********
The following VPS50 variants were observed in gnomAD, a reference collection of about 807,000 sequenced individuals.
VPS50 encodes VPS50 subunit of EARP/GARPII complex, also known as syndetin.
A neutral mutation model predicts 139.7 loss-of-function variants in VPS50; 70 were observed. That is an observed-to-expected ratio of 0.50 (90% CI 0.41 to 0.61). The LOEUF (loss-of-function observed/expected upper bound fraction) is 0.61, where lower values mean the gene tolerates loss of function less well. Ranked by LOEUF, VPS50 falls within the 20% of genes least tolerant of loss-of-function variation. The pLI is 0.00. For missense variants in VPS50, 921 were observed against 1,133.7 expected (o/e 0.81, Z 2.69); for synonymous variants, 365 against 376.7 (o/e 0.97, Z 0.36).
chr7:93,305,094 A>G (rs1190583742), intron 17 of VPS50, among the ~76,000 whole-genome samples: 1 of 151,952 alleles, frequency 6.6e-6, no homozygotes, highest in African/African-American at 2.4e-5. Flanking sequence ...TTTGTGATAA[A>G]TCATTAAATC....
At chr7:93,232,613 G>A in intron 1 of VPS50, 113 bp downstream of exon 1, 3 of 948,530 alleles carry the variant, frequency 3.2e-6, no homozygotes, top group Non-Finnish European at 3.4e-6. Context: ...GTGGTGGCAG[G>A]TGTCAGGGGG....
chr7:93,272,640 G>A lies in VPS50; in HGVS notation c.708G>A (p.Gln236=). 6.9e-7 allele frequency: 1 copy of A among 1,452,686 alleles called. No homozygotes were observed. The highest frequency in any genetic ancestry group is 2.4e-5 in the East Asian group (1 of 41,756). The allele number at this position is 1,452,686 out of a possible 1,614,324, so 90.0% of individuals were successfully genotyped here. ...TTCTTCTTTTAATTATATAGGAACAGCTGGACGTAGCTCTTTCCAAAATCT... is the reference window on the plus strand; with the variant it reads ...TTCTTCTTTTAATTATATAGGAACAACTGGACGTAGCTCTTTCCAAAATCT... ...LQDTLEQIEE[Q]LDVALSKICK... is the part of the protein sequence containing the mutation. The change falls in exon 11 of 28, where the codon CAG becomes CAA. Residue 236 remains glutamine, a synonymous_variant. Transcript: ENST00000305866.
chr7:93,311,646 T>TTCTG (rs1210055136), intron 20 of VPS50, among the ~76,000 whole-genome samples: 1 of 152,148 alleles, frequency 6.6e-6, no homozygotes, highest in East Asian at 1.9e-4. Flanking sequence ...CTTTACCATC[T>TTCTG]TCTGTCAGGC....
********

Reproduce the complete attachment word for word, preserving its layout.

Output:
The following VPS50 variants were observed in gnomAD, a reference collection of about 807,000 sequenced individuals.
VPS50 encodes VPS50 subunit of EARP/GARPII complex, also known as syndetin.
A neutral mutation model predicts 139.7 loss-of-function variants in VPS50; 70 were observed. That is an observed-to-expected ratio of 0.50 (90% CI 0.41 to 0.61). The LOEUF (loss-of-function observed/expected upper bound fraction) is 0.61, where lower values mean the gene tolerates loss of function less well. Ranked by LOEUF, VPS50 falls within the 20% of genes least tolerant of loss-of-function variation. The pLI is 0.00. For missense variants in VPS50, 921 were observed against 1,133.7 expected (o/e 0.81, Z 2.69); for synonymous variants, 365 against 376.7 (o/e 0.97, Z 0.36).
chr7:93,305,094 A>G (rs1190583742), intron 17 of VPS50, among the ~76,000 whole-genome samples: 1 of 151,952 alleles, frequency 6.6e-6, no homozygotes, highest in African/African-American at 2.4e-5. Flanking sequence ...TTTGTGATAA[A>G]TCATTAAATC....
At chr7:93,232,613 G>A in intron 1 of VPS50, 113 bp downstream of exon 1, 3 of 948,530 alleles carry the variant, frequency 3.2e-6, no homozygotes, top group Non-Finnish European at 3.4e-6. Context: ...GTGGTGGCAG[G>A]TGTCAGGGGG....
chr7:93,272,640 G>A lies in VPS50; in HGVS notation c.708G>A (p.Gln236=). 6.9e-7 allele frequency: 1 copy of A among 1,452,686 alleles called. No homozygotes were observed. The highest frequency in any genetic ancestry group is 2.4e-5 in the East Asian group (1 of 41,756). The allele number at this position is 1,452,686 out of a possible 1,614,324, so 90.0% of individuals were successfully genotyped here. ...TTCTTCTTTTAATTATATAGGAACAGCTGGACGTAGCTCTTTCCAAAATCT... is the reference window on the plus strand; with the variant it reads ...TTCTTCTTTTAATTATATAGGAACAACTGGACGTAGCTCTTTCCAAAATCT... ...LQDTLEQIEE[Q]LDVALSKICK... is the part of the protein sequence containing the mutation. The change falls in exon 11 of 28, where the codon CAG becomes CAA. Residue 236 remains glutamine, a synonymous_variant. Transcript: ENST00000305866.
chr7:93,311,646 T>TTCTG (rs1210055136), intron 20 of VPS50, among the ~76,000 whole-genome samples: 1 of 152,148 alleles, frequency 6.6e-6, no homozygotes, highest in East Asian at 1.9e-4. Flanking sequence ...CTTTACCATC[T>TTCTG]TCTGTCAGGC....